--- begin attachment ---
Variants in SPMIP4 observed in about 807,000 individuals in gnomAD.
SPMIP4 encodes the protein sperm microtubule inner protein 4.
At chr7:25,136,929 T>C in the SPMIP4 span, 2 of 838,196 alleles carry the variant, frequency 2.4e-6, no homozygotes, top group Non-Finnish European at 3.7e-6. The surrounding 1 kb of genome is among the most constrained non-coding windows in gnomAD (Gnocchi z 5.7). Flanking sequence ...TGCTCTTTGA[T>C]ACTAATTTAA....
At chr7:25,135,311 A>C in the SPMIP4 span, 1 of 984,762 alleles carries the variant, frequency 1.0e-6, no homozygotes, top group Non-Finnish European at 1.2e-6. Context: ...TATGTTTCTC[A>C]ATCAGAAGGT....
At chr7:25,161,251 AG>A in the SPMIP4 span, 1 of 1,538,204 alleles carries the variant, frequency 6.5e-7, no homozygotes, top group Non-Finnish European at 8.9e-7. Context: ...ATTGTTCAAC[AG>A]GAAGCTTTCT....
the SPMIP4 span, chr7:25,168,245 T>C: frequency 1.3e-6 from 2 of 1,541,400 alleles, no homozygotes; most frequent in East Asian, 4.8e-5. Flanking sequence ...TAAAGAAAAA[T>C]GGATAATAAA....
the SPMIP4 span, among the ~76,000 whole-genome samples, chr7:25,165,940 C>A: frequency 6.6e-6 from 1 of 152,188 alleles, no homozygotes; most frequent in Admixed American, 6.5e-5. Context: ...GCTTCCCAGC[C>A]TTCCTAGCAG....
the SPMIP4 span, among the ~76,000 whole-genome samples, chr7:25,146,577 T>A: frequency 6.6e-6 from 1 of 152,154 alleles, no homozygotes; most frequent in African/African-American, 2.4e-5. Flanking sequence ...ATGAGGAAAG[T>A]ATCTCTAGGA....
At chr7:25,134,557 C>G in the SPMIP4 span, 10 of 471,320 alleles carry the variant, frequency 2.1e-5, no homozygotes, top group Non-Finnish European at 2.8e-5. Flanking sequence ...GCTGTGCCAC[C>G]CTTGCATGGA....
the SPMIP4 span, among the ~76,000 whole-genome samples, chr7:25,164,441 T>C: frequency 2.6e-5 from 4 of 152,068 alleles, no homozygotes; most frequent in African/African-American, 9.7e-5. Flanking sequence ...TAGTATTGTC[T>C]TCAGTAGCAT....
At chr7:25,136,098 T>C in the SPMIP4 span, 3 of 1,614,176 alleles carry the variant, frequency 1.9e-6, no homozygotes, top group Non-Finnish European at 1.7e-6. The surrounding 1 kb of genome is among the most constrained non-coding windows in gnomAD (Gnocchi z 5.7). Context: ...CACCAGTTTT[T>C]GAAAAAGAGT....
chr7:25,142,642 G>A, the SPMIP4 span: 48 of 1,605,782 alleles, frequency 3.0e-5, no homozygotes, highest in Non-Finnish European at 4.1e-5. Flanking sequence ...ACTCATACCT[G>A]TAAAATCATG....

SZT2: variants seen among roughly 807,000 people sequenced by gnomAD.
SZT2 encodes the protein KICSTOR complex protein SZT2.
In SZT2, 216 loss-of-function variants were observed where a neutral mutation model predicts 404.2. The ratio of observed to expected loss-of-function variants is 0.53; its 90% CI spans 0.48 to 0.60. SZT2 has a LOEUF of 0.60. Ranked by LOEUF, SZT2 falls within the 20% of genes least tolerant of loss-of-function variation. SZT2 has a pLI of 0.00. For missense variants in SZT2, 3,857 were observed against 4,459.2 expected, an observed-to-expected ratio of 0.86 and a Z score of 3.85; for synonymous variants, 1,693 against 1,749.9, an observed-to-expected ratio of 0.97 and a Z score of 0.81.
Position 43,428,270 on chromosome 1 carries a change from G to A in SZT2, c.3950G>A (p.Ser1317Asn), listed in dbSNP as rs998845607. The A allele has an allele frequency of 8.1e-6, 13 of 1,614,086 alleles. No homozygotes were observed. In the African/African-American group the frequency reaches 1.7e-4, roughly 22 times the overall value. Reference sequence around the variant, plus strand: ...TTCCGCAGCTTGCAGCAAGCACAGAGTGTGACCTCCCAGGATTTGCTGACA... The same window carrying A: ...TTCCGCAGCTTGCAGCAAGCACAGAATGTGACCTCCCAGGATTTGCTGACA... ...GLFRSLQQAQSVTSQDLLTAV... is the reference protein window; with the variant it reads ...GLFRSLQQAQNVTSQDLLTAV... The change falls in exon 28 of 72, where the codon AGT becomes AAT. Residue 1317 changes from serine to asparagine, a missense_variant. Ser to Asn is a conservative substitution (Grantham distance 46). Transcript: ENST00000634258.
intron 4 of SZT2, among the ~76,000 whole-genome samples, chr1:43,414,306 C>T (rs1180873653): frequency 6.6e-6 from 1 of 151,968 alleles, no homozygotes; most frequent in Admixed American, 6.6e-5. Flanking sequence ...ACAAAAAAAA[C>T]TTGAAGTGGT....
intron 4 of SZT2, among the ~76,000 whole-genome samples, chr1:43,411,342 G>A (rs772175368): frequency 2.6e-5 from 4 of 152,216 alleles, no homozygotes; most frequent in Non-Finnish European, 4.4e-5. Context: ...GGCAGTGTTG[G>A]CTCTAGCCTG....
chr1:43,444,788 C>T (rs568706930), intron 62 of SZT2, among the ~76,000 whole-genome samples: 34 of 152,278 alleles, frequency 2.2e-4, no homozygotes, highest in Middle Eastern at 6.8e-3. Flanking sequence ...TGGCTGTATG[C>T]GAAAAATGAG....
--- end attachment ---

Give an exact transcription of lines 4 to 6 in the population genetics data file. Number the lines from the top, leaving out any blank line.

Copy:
At chr7:25,135,311 A>C in the SPMIP4 span, 1 of 984,762 alleles carries the variant, frequency 1.0e-6, no homozygotes, top group Non-Finnish European at 1.2e-6. Context: ...TATGTTTCTC[A>C]ATCAGAAGGT....
At chr7:25,161,251 AG>A in the SPMIP4 span, 1 of 1,538,204 alleles carries the variant, frequency 6.5e-7, no homozygotes, top group Non-Finnish European at 8.9e-7. Context: ...ATTGTTCAAC[AG>A]GAAGCTTTCT....
the SPMIP4 span, chr7:25,168,245 T>C: frequency 1.3e-6 from 2 of 1,541,400 alleles, no homozygotes; most frequent in East Asian, 4.8e-5. Flanking sequence ...TAAAGAAAAA[T>C]GGATAATAAA....